How to Do A Kettlebell Front Squat

Kettlebell Front Squat

Squatting is a fundamental human movement that needs to be trained and maintained throughout your lifetime and the kettlebell front squat is the single best way to do it.

The thing that separates the kettlebell front squat from other squat variations is the degree to which it engages the rest of your body.

Although it looks like a lower body exercise, it works your shoulders, upper back and abs just as hard - building full body strength.

Whether you're squatting for mobility or squatting for strength, the kettlebell front squat does the job.

Here's a break down of how to do a kettlebell front squat and it's variations.

How to Do A Goblet Squat

The Goblet Squat is the first step in your squatting journey.

Popularized by Dan John, it's the best way to learn how to squat properly while also building strength and flexibility in the hips.

With the kettlebell being held out in front of you, it forces you into a good posture while squatting - making it very hard to squat incorrectly.

  • 1
    ‚ÄčSwing a kettlebell up to your chest and grab it by the horns.
  • 2
    Set up with your feet about shoulder width apart and your toes flared out slightly.
  • 3
    Take a big breath into your stomach and use your hip flexors to start pulling yourself into the bottom of the squat.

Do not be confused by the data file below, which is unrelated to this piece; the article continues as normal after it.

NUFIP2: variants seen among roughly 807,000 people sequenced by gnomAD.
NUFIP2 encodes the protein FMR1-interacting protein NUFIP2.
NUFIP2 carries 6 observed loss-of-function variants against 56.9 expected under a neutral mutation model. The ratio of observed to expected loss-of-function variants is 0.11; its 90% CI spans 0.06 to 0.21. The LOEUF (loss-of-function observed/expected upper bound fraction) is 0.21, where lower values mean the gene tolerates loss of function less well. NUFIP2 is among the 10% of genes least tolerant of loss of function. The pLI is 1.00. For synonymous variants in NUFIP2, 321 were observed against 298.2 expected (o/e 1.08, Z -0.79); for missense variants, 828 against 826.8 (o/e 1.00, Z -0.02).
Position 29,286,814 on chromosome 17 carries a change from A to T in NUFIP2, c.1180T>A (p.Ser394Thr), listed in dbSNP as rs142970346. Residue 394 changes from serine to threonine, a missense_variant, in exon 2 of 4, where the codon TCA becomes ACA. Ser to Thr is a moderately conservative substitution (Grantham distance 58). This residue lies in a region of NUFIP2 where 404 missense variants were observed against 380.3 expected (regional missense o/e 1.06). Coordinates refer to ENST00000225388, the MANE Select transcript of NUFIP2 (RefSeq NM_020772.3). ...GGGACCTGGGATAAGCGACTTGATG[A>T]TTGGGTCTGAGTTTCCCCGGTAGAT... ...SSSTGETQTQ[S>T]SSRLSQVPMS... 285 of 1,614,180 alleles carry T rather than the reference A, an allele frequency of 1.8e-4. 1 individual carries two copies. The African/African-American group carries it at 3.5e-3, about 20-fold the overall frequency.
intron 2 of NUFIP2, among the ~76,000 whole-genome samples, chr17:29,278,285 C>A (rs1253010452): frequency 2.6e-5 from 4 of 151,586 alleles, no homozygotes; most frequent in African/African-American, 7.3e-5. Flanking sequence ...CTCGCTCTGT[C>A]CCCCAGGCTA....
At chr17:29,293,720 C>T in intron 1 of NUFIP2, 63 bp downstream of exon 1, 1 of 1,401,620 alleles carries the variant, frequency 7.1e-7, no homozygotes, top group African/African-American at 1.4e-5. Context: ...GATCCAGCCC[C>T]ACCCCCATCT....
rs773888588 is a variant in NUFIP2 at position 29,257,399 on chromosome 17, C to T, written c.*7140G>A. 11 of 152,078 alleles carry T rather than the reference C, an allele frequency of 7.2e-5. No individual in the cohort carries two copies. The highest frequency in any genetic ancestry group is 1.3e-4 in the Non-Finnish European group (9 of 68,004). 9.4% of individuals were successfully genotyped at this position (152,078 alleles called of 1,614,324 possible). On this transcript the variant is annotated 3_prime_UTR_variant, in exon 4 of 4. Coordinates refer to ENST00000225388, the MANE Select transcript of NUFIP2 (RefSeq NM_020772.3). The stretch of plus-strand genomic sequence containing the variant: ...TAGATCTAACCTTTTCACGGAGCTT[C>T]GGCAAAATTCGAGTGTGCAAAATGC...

• 4
    Keeping your chest tall and your back flat, descend as deep as you can, or until the points of your elbows hit the inside, meaty part, of your knee.
  • 5
    Sit up tall in the bottom position, making your spine as long as possible from your tailbone to your head.
  • 6
    Drive your heels through the floor and sharply exhale, with a grunt, as you stand straight up.
  • 7
    Your hips and shoulders should ascend at the same rate.
  • 8
    Repeat for the desired number of reps.
  • 9
    Park the kettlebell safely on the ground following a backswing.

How to Do A Single Kettlebell Front Squat

Once you've mastered a good squat pattern by training the Goblet Squat, it's time to dive into the Single Kettlebell Front Squat.

The Single Kettlebell Front Squat is a slightly different animal - the principles are the same but the demands of this squat variation are a little more complex.

Because the load is only on one side of your body, the weight is going to try to twist you - it's your job not to let it do that.

This generates a lot of tension through your core and works your abs much harder than the Goblet Squat.

  • 1
    Clean a kettlebell into the rack position - your wrist should be neutral, legs locked out, glutes squeezed, abs braced and shoulder blades pulled back and down.
  • 2
    Set up with your feet about shoulder width apart and your toes flared out slightly.
  • 3
    Take a big breath into your stomach and, without twisting, use your hip flexors to start pulling yourself into the bottom of the squat.
  • 4